Originally Posted by
topsquark Equation, not that I know of. Process, yes.
Consider the GCF of 60 and 630.
The prime factorization of 60 is $\displaystyle 2^2 \cdot 3 \cdot 5$.
The prime factorization of 630 is $\displaystyle 2 \cdot 3^2 \cdot 5 \cdot 7$.
The GCF (also known as the Greatest Common Divisor, GCD) will be the number that has a prime factorization that contains the same prime factors as the combination of the lists. In other words,
There is a factor of 2 common to each,
there is a factor of 3 common to each,
there is a factor of 5 common to each.
Thus GCF(60, 630) = 2*3*5 = 30.
If we were talking about GCF(60, 1260) then ($\displaystyle 1260 = 2^2 \cdot 3^2 \cdot 5 \cdot 7$):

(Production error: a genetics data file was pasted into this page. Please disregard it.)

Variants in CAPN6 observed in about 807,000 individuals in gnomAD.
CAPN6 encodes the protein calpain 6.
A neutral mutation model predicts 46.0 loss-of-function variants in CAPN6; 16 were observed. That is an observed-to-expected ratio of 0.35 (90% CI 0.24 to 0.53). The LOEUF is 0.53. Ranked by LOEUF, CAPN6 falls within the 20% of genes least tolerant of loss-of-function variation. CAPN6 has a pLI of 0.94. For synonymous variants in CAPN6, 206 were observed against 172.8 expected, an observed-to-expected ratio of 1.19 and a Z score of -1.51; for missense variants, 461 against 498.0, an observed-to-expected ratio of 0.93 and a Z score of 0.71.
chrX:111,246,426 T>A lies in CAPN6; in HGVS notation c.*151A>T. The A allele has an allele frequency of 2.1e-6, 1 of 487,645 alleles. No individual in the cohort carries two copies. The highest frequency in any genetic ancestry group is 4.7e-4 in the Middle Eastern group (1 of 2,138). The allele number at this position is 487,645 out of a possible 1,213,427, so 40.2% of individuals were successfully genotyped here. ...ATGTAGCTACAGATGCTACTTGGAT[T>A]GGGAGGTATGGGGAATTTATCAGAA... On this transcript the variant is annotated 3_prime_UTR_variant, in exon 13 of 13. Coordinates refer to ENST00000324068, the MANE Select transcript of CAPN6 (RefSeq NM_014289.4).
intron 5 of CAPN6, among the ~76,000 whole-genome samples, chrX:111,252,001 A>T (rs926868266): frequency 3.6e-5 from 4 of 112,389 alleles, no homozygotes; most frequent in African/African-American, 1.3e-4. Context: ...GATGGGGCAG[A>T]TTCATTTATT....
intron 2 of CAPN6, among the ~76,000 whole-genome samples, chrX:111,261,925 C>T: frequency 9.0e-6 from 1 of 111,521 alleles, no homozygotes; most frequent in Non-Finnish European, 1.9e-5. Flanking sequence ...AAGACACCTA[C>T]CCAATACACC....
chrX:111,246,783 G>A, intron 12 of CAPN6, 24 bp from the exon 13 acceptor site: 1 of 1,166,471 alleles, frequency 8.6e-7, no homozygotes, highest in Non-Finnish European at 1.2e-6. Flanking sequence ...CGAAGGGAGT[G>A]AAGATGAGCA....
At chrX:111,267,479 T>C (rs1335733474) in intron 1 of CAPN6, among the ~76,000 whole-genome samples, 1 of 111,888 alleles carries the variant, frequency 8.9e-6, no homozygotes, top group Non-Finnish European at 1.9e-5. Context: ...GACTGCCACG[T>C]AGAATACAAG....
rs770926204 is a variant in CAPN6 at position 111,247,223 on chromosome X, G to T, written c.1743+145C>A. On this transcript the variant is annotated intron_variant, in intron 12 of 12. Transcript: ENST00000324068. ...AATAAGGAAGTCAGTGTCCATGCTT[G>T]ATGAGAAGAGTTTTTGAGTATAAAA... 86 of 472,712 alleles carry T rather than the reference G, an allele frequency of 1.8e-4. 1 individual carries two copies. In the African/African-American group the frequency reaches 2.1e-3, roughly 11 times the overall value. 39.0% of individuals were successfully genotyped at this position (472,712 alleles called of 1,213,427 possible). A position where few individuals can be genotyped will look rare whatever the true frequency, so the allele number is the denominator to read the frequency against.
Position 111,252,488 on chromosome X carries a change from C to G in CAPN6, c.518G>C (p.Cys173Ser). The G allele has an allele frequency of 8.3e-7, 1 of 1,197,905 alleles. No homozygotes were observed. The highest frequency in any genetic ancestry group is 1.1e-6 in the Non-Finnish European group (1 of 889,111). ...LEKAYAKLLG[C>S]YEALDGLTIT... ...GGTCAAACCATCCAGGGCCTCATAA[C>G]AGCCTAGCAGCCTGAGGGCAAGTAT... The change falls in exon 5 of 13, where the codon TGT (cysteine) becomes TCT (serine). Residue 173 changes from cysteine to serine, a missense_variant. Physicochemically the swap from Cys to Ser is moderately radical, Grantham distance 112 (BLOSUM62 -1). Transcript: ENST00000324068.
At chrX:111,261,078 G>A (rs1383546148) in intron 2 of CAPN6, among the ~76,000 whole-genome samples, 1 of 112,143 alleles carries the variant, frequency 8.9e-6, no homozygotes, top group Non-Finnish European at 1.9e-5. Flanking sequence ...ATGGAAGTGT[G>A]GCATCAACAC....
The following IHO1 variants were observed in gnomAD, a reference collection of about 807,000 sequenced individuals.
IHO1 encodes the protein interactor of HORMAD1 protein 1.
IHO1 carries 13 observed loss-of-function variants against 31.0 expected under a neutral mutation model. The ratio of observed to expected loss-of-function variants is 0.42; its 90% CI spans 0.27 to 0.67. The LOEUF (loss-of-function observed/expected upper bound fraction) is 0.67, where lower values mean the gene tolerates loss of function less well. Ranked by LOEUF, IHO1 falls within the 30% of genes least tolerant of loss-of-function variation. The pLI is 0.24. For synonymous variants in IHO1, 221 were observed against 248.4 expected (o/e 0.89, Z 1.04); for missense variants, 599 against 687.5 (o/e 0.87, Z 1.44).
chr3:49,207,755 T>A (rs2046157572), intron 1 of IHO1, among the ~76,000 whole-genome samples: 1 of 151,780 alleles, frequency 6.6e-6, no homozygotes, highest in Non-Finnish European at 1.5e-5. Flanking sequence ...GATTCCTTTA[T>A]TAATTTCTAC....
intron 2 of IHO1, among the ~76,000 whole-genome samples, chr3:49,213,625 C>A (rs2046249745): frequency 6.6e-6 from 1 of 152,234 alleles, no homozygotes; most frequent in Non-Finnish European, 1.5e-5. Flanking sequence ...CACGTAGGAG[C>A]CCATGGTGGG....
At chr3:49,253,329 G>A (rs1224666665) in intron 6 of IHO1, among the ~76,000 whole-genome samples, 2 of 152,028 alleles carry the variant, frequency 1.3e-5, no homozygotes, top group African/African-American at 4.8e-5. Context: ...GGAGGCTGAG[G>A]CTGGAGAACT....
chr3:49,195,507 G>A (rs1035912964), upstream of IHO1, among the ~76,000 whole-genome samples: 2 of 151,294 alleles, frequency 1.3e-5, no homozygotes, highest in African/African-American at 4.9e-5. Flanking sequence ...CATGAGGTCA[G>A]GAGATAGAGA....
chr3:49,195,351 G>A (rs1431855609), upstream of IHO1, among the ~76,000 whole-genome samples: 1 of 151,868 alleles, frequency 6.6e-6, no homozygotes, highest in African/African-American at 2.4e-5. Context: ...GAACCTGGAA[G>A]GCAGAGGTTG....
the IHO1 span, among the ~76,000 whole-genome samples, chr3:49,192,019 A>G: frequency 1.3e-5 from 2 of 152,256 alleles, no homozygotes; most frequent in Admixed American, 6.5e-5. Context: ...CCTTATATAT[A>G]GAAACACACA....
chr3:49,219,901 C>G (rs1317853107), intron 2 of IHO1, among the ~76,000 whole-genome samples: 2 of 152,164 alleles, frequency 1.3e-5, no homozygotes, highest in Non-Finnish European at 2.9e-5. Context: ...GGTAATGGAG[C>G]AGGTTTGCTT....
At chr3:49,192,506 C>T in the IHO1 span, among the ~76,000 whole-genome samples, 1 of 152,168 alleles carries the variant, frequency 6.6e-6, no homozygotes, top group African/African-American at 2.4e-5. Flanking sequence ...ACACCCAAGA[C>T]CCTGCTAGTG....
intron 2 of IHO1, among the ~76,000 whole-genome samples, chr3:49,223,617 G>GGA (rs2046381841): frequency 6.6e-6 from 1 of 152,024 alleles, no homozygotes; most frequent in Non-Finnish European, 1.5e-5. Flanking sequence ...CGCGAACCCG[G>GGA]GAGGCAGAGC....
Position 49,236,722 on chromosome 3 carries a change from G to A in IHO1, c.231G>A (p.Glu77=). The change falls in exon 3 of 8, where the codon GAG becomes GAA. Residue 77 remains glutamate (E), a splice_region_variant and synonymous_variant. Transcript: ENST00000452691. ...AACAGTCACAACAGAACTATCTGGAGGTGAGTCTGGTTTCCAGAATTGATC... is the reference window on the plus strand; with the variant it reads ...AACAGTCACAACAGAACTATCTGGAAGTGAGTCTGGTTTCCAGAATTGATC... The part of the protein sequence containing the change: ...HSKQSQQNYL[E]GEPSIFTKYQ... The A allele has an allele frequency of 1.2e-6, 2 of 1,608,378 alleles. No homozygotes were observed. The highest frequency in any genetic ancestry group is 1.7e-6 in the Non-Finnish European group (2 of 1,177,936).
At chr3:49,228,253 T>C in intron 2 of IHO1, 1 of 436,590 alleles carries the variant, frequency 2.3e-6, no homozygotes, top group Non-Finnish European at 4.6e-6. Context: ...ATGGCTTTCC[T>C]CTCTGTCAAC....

There are two factors of 2 common to each,
there is a factor of 3 common to each,
there is a factor of 5 common to each.
Thus GCF(60, 1260) = $\displaystyle 2^2 \cdot 3 \cdot 5$ = 60.
-Dan
PS Now that I think of it, there is a formula, but it isn't anything direct:
Given two numbers x and y, we know that GCF(x, y) = (x*y)/LCM(x, y), where LCM(x, y) is the "Least Common Multiple" of x and y. There is no direct formula I know of to find the LCM either.